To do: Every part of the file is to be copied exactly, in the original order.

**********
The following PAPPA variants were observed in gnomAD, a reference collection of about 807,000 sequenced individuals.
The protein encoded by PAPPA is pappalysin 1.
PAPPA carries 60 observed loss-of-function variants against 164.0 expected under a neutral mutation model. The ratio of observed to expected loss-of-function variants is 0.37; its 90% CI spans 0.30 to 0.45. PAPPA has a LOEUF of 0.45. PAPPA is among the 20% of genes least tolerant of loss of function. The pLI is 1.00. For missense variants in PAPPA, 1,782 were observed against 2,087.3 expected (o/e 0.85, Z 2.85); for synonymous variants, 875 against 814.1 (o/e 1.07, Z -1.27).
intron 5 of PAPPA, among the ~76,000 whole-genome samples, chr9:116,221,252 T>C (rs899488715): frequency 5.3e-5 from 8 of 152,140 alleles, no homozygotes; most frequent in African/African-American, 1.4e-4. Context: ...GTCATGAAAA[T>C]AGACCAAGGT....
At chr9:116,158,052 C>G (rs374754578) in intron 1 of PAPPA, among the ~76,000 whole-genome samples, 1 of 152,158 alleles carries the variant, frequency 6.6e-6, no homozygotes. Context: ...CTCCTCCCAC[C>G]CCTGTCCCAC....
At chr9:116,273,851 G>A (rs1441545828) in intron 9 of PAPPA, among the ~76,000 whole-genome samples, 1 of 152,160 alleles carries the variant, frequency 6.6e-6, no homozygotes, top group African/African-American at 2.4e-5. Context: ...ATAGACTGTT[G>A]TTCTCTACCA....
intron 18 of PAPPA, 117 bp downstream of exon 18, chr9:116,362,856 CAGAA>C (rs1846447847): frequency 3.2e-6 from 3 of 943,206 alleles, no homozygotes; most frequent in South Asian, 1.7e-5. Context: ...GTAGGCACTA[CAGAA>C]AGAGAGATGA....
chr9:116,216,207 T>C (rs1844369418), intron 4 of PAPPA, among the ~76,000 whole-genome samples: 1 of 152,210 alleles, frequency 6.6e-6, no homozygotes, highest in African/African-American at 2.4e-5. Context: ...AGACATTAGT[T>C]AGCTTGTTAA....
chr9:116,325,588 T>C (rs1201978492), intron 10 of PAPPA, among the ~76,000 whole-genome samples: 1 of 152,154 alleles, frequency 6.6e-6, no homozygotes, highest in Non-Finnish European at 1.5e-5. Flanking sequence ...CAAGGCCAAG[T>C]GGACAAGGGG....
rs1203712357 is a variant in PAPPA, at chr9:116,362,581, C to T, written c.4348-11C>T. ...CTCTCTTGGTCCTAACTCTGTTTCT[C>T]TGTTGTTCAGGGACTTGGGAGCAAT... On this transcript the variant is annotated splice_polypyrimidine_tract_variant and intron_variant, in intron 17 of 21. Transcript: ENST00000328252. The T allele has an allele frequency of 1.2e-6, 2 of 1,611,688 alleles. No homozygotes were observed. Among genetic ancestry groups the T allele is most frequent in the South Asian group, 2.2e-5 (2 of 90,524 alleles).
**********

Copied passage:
The following PAPPA variants were observed in gnomAD, a reference collection of about 807,000 sequenced individuals.
The protein encoded by PAPPA is pappalysin 1.
PAPPA carries 60 observed loss-of-function variants against 164.0 expected under a neutral mutation model. The ratio of observed to expected loss-of-function variants is 0.37; its 90% CI spans 0.30 to 0.45. PAPPA has a LOEUF of 0.45. PAPPA is among the 20% of genes least tolerant of loss of function. The pLI is 1.00. For missense variants in PAPPA, 1,782 were observed against 2,087.3 expected (o/e 0.85, Z 2.85); for synonymous variants, 875 against 814.1 (o/e 1.07, Z -1.27).
intron 5 of PAPPA, among the ~76,000 whole-genome samples, chr9:116,221,252 T>C (rs899488715): frequency 5.3e-5 from 8 of 152,140 alleles, no homozygotes; most frequent in African/African-American, 1.4e-4. Context: ...GTCATGAAAA[T>C]AGACCAAGGT....
At chr9:116,158,052 C>G (rs374754578) in intron 1 of PAPPA, among the ~76,000 whole-genome samples, 1 of 152,158 alleles carries the variant, frequency 6.6e-6, no homozygotes. Context: ...CTCCTCCCAC[C>G]CCTGTCCCAC....
At chr9:116,273,851 G>A (rs1441545828) in intron 9 of PAPPA, among the ~76,000 whole-genome samples, 1 of 152,160 alleles carries the variant, frequency 6.6e-6, no homozygotes, top group African/African-American at 2.4e-5. Context: ...ATAGACTGTT[G>A]TTCTCTACCA....
intron 18 of PAPPA, 117 bp downstream of exon 18, chr9:116,362,856 CAGAA>C (rs1846447847): frequency 3.2e-6 from 3 of 943,206 alleles, no homozygotes; most frequent in South Asian, 1.7e-5. Context: ...GTAGGCACTA[CAGAA>C]AGAGAGATGA....
chr9:116,216,207 T>C (rs1844369418), intron 4 of PAPPA, among the ~76,000 whole-genome samples: 1 of 152,210 alleles, frequency 6.6e-6, no homozygotes, highest in African/African-American at 2.4e-5. Context: ...AGACATTAGT[T>C]AGCTTGTTAA....
chr9:116,325,588 T>C (rs1201978492), intron 10 of PAPPA, among the ~76,000 whole-genome samples: 1 of 152,154 alleles, frequency 6.6e-6, no homozygotes, highest in Non-Finnish European at 1.5e-5. Flanking sequence ...CAAGGCCAAG[T>C]GGACAAGGGG....
rs1203712357 is a variant in PAPPA, at chr9:116,362,581, C to T, written c.4348-11C>T. ...CTCTCTTGGTCCTAACTCTGTTTCT[C>T]TGTTGTTCAGGGACTTGGGAGCAAT... On this transcript the variant is annotated splice_polypyrimidine_tract_variant and intron_variant, in intron 17 of 21. Transcript: ENST00000328252. The T allele has an allele frequency of 1.2e-6, 2 of 1,611,688 alleles. No homozygotes were observed. Among genetic ancestry groups the T allele is most frequent in the South Asian group, 2.2e-5 (2 of 90,524 alleles).